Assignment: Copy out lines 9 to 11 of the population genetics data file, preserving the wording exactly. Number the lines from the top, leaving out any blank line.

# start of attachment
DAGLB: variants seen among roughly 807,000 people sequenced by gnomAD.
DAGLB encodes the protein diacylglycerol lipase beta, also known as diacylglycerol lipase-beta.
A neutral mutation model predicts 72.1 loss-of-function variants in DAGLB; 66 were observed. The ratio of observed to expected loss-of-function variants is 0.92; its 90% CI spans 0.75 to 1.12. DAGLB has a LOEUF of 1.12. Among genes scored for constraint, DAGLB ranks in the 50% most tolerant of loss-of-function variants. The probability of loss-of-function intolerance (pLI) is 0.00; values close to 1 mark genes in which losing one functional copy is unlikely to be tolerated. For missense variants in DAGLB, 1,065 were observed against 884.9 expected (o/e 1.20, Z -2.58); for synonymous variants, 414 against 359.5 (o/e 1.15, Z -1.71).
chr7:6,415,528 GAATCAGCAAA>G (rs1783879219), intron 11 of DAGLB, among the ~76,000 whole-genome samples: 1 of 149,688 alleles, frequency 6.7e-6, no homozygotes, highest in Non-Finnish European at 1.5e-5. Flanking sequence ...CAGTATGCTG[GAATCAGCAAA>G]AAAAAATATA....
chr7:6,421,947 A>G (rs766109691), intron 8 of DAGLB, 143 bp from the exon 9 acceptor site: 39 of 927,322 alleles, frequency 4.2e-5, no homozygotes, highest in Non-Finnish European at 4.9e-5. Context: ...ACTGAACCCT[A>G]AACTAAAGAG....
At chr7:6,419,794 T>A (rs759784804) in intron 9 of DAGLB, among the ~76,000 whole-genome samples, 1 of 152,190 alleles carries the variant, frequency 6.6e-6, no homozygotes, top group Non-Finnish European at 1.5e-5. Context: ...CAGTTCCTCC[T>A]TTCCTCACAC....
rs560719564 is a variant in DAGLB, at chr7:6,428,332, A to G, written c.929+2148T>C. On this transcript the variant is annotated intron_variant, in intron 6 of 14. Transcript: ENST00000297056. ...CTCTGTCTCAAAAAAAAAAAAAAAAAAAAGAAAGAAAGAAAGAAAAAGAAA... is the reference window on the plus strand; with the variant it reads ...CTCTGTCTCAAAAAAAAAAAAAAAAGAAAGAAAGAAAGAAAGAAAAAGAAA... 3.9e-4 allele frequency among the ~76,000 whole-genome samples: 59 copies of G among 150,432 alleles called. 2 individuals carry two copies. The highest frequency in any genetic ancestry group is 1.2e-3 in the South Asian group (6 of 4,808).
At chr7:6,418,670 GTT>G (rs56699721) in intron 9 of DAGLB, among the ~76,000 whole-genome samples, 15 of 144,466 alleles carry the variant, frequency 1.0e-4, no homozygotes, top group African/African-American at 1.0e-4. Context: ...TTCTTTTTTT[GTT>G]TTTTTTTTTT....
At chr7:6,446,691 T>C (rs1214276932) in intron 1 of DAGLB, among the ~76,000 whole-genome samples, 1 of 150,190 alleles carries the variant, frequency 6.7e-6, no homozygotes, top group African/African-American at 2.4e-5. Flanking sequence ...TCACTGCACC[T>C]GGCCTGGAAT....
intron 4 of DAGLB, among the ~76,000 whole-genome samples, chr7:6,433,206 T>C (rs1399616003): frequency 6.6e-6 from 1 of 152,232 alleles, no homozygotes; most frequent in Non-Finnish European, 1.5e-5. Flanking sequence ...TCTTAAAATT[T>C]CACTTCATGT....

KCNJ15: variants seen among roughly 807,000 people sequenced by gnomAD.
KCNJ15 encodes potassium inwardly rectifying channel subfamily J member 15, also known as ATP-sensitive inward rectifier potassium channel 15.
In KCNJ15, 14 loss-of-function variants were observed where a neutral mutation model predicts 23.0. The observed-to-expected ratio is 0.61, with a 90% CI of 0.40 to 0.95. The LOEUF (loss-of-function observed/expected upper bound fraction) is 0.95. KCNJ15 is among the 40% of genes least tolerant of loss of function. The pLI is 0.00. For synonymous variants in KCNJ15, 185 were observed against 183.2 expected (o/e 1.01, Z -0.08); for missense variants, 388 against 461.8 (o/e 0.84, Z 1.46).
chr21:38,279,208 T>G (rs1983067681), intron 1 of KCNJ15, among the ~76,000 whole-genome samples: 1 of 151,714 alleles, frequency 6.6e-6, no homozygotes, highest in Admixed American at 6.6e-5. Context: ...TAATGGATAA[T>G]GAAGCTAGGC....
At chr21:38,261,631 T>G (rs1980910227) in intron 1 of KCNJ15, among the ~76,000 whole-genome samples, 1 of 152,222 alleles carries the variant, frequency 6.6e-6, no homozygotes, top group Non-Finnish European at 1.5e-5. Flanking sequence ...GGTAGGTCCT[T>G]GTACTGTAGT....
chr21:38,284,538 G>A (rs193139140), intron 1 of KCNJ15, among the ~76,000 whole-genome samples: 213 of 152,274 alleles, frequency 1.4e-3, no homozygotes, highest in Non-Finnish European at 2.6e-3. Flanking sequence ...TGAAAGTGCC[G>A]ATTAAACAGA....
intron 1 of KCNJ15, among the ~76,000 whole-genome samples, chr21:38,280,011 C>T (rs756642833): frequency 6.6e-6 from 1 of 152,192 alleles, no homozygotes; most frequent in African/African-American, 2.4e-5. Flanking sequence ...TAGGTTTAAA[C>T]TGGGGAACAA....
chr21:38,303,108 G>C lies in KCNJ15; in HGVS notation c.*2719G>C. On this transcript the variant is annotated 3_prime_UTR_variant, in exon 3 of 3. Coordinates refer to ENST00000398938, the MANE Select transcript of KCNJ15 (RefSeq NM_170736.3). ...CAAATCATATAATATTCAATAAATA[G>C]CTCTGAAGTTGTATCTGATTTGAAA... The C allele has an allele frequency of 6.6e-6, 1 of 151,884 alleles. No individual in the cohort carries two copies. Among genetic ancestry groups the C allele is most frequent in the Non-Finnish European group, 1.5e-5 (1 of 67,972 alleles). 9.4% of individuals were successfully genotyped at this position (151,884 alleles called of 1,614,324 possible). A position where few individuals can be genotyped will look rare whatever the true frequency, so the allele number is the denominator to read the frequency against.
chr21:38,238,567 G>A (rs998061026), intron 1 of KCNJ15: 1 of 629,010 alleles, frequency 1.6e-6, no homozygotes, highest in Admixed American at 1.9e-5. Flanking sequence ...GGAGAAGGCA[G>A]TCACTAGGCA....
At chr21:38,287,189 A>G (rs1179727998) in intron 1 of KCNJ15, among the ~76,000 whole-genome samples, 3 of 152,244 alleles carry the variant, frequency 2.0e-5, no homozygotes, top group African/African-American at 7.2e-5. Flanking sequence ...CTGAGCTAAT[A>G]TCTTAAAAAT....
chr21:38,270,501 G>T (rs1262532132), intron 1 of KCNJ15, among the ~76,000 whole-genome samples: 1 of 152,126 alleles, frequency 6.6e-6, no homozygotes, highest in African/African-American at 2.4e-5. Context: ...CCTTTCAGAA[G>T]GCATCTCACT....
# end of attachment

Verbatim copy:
At chr7:6,446,691 T>C (rs1214276932) in intron 1 of DAGLB, among the ~76,000 whole-genome samples, 1 of 150,190 alleles carries the variant, frequency 6.7e-6, no homozygotes, top group African/African-American at 2.4e-5. Flanking sequence ...TCACTGCACC[T>C]GGCCTGGAAT....
intron 4 of DAGLB, among the ~76,000 whole-genome samples, chr7:6,433,206 T>C (rs1399616003): frequency 6.6e-6 from 1 of 152,232 alleles, no homozygotes; most frequent in Non-Finnish European, 1.5e-5. Flanking sequence ...TCTTAAAATT[T>C]CACTTCATGT....

KCNJ15: variants seen among roughly 807,000 people sequenced by gnomAD.